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Tips For Testing Your Wiring For Damage

by Sylvia Miller

If you've got a short in your household wiring, it's going to interrupt the electricity flow to the appliance or outlet that the damaged wires are connected to. Wire damage and shorts can occur for many reasons, even in new wiring. Wires could have been damaged at the factory or broken due to poor handling by the retailer. Existing wiring is vulnerable to shorts and damage from rodents and other hazards. Before you install any new wiring or add any outlets to your house, you'll want to test the wiring to be sure that there are no shorts. Here are some tips to help you do it safely.

Testing New Wires

Before you install new wiring in your house, you can save yourself a lot of potential frustration and problems by testing the wires before the installation. This will help to ensure that your wiring wasn't damaged in manufacturing or during shipping. You'll need a multimeter to do this.

Set the multimeter to the ohms measurements. Turn the calibration dial until the display shows zero. Touch one of the leads to each end of the wiring. Make sure the leads touch bare wire. If no wire is exposed, push the tip of the lead into the open end of the insulation until it touches wire. Make sure you don't touch the leads with your bare hands, though.

Once the leads are both contacting bare wire, check the resistance reading on the multimeter. It should show a positive reading. If it's showing an infinite reading, that indicates a short in the wiring somewhere. You'll need to swap the wire out before you do the installation.

Testing Existing Wires

Testing the existing wiring is important if you suspect that your wires have been chewed, cut or otherwise damaged. Set your multimeter to AC volts. That's the reading you'll need for household electrical wiring. Put your voltage range setting on the 120 volt option for household current.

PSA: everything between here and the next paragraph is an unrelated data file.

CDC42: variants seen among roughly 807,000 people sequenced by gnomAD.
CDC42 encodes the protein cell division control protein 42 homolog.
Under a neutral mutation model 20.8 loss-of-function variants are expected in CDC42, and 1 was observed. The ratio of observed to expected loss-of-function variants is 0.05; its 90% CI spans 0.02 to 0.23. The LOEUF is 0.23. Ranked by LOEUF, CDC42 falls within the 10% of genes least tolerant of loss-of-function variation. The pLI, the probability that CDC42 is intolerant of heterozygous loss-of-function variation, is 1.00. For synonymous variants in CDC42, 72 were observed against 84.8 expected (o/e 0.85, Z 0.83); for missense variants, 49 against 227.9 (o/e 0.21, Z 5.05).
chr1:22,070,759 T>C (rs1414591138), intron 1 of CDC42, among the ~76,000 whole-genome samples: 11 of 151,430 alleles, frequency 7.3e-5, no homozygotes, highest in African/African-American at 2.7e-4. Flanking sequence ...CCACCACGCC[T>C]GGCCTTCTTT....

Pull the electrical outlet from the wall by removing the face plate from the receptacle. That exposes the entire unit behind it, making it easier to pull it forward out of the wall. Be careful not to pull too far, though, or you might pull the wires out.

Connect the black lead on the multimeter to the round port used for the ground on the receptacle. Place the red lead on the hot port on the same receptacle. It's usually the smaller port, making it easy to identify. Make sure both leads are physically touching the metal contacts of each port.

The multimeter should show you a voltage reading. If it doesn't, that means you've got a break in the wire somewhere. You'll have to trace the wire back from the outlet to its source to find the break.

It's often easiest to work with a licensed electrician to find the source of the damage or to install new wiring. Talk with a local electrician like one from Meserve Electric about your project today.